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Strikes

When a union and a healthcare system cannot reach agreement during collective bargaining, then negotiations are at what's called, "impasse." If impasse is reached, the company can implement the terms of its final offer without the Union's approval.

At that point, the Union and its members have only three options:

  1. Give up,

  2. Give in, or

  3. Go on strike

Calculate how much money you could lose during a strike.

Work Stoppages

A strike or work stoppage is the only real leverage a union has during collective bargaining.  Unfortunately for its members, the CNA is not afraid to call its members out on strike.

Since 2010, the CNA has been involved in 49 strikes, affecting 68,000 of the Union’s members.

The chart below explains the numbers:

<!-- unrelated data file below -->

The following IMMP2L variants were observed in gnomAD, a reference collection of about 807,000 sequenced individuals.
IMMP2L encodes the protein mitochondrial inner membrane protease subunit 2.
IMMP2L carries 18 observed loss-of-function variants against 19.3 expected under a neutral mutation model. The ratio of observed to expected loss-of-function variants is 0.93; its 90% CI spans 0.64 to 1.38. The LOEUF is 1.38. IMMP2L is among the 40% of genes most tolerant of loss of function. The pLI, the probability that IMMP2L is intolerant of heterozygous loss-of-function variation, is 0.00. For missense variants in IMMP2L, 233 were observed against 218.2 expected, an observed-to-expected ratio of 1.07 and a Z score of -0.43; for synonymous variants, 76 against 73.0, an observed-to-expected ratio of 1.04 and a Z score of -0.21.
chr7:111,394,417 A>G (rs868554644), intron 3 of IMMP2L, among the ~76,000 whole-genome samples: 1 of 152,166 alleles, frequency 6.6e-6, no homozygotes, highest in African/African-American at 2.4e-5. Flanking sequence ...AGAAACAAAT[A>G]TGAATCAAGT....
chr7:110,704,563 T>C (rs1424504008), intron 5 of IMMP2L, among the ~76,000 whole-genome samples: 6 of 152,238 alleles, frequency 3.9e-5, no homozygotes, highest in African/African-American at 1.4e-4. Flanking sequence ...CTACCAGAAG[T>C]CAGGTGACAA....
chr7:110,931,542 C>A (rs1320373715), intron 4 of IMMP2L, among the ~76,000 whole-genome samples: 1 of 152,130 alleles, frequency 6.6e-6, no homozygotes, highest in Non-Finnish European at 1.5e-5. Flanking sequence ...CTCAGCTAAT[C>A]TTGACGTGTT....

CNA Work Stoppages

Year # of Strikes # of Workers Affected
2010 2 1,160
2011 11 15,459
2012 17 40,168
2013 4 3,245
2014 5 1,448
2015 3 3,020
2016 2 2,500
2017 - -
2018 2 640
2019 3 340

Totals

49

68,000

Source: Bureau of National Affairs (BNA PLUS)

What's at Risk?

When union members go on strike, they learn firsthand what is at risk:

  • Paychecks from the healthcare system may stop.

  • Strikers may have to pay the entire premium for any medical, dental and vision insurance policies.

  • Economic strikers don't qualify for unemployment in certain states, including Arizona.

  • In an economic strike, strikers may be permanently replaced: The striker will go on a preferential recall list, but a replacement worker has no obligation to give up the job when the strike is over and the employer has no obligation to rehire the striking workers.

  • Possible loss of customers from a strike may impact team members' job security.

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